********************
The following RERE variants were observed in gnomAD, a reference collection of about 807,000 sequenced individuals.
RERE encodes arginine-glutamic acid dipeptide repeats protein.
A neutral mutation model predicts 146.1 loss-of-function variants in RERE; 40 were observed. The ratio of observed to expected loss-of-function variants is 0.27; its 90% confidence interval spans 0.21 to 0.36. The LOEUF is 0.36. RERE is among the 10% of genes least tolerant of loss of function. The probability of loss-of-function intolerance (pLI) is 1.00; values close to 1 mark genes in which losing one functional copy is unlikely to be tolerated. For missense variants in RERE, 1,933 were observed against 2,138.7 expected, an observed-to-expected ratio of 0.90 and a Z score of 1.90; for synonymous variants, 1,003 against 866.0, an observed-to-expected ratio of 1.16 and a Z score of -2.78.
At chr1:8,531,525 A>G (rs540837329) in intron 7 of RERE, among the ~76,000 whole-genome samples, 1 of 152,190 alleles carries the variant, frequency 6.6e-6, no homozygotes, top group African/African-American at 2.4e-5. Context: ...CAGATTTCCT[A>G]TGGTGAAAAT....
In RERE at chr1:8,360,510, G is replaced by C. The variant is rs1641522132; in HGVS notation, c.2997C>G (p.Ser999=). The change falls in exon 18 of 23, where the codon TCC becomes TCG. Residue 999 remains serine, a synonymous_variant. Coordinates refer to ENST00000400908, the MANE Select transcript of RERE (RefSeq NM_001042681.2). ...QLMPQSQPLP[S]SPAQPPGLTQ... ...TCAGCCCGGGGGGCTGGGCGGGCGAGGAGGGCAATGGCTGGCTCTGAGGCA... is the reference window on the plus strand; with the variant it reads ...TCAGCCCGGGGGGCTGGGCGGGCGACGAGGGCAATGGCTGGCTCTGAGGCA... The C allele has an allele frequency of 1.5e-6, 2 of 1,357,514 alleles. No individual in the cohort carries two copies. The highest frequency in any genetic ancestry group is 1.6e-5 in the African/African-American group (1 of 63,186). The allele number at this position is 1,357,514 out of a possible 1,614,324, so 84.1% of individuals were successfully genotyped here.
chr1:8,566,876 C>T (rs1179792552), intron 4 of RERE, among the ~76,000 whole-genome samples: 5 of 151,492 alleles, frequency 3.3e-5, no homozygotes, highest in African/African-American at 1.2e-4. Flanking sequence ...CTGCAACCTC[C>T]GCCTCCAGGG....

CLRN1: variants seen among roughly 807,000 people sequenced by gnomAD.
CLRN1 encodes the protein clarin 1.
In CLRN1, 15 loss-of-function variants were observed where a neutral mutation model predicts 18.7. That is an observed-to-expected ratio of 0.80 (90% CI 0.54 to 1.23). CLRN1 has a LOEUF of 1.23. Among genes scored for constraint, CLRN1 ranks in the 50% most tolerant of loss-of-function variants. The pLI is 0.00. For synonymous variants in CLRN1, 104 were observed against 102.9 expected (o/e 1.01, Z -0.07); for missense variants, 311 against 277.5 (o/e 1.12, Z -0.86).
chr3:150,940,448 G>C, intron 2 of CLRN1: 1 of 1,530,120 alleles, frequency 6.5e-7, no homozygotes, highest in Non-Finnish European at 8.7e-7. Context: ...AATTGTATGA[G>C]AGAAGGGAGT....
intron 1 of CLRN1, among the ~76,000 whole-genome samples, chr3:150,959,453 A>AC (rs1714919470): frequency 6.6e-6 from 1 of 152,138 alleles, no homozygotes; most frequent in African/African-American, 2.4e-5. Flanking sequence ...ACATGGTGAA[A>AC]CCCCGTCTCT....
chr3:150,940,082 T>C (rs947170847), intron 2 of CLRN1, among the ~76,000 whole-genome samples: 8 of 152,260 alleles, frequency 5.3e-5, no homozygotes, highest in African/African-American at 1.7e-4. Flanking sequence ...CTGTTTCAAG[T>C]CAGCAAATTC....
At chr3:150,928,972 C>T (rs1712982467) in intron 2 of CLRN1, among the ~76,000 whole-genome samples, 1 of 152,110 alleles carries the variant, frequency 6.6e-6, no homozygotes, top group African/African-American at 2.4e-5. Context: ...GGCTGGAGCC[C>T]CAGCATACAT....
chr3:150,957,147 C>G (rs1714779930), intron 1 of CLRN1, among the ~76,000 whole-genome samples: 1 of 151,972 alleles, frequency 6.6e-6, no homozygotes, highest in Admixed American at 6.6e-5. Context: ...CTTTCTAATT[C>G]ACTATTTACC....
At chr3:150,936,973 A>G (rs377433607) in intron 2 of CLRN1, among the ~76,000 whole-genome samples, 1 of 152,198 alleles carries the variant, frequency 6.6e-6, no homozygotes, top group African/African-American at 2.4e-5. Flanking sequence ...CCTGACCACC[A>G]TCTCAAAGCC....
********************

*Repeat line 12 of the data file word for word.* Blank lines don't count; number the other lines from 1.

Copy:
chr3:150,940,082 T>C (rs947170847), intron 2 of CLRN1, among the ~76,000 whole-genome samples: 8 of 152,260 alleles, frequency 5.3e-5, no homozygotes, highest in African/African-American at 1.7e-4. Flanking sequence ...CTGTTTCAAG[T>C]CAGCAAATTC....